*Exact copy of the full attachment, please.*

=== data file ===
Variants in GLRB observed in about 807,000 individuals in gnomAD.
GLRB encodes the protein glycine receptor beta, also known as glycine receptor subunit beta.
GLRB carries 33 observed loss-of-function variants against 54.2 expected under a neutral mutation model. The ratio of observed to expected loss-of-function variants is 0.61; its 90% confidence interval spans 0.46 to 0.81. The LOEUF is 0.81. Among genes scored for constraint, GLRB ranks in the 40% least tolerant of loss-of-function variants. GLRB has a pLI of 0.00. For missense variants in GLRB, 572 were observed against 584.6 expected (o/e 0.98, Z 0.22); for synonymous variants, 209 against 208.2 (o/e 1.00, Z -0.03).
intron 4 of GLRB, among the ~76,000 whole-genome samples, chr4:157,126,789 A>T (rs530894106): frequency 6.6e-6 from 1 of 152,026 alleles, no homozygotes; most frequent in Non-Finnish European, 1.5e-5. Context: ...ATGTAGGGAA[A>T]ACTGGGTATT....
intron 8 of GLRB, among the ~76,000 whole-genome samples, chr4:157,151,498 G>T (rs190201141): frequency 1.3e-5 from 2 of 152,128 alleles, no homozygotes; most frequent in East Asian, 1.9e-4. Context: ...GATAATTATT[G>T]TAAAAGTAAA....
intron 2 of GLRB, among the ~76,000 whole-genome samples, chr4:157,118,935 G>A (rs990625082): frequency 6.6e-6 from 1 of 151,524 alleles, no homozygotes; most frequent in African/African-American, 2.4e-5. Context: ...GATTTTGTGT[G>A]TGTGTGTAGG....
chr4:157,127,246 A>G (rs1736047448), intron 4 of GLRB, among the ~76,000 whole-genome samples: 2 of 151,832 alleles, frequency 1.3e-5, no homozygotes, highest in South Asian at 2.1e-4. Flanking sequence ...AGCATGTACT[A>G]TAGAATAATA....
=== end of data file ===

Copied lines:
Variants in GLRB observed in about 807,000 individuals in gnomAD.
GLRB encodes the protein glycine receptor beta, also known as glycine receptor subunit beta.
GLRB carries 33 observed loss-of-function variants against 54.2 expected under a neutral mutation model. The ratio of observed to expected loss-of-function variants is 0.61; its 90% confidence interval spans 0.46 to 0.81. The LOEUF is 0.81. Among genes scored for constraint, GLRB ranks in the 40% least tolerant of loss-of-function variants. GLRB has a pLI of 0.00. For missense variants in GLRB, 572 were observed against 584.6 expected (o/e 0.98, Z 0.22); for synonymous variants, 209 against 208.2 (o/e 1.00, Z -0.03).
intron 4 of GLRB, among the ~76,000 whole-genome samples, chr4:157,126,789 A>T (rs530894106): frequency 6.6e-6 from 1 of 152,026 alleles, no homozygotes; most frequent in Non-Finnish European, 1.5e-5. Context: ...ATGTAGGGAA[A>T]ACTGGGTATT....
intron 8 of GLRB, among the ~76,000 whole-genome samples, chr4:157,151,498 G>T (rs190201141): frequency 1.3e-5 from 2 of 152,128 alleles, no homozygotes; most frequent in East Asian, 1.9e-4. Context: ...GATAATTATT[G>T]TAAAAGTAAA....
intron 2 of GLRB, among the ~76,000 whole-genome samples, chr4:157,118,935 G>A (rs990625082): frequency 6.6e-6 from 1 of 151,524 alleles, no homozygotes; most frequent in African/African-American, 2.4e-5. Context: ...GATTTTGTGT[G>A]TGTGTGTAGG....
chr4:157,127,246 A>G (rs1736047448), intron 4 of GLRB, among the ~76,000 whole-genome samples: 2 of 151,832 alleles, frequency 1.3e-5, no homozygotes, highest in South Asian at 2.1e-4. Flanking sequence ...AGCATGTACT[A>G]TAGAATAATA....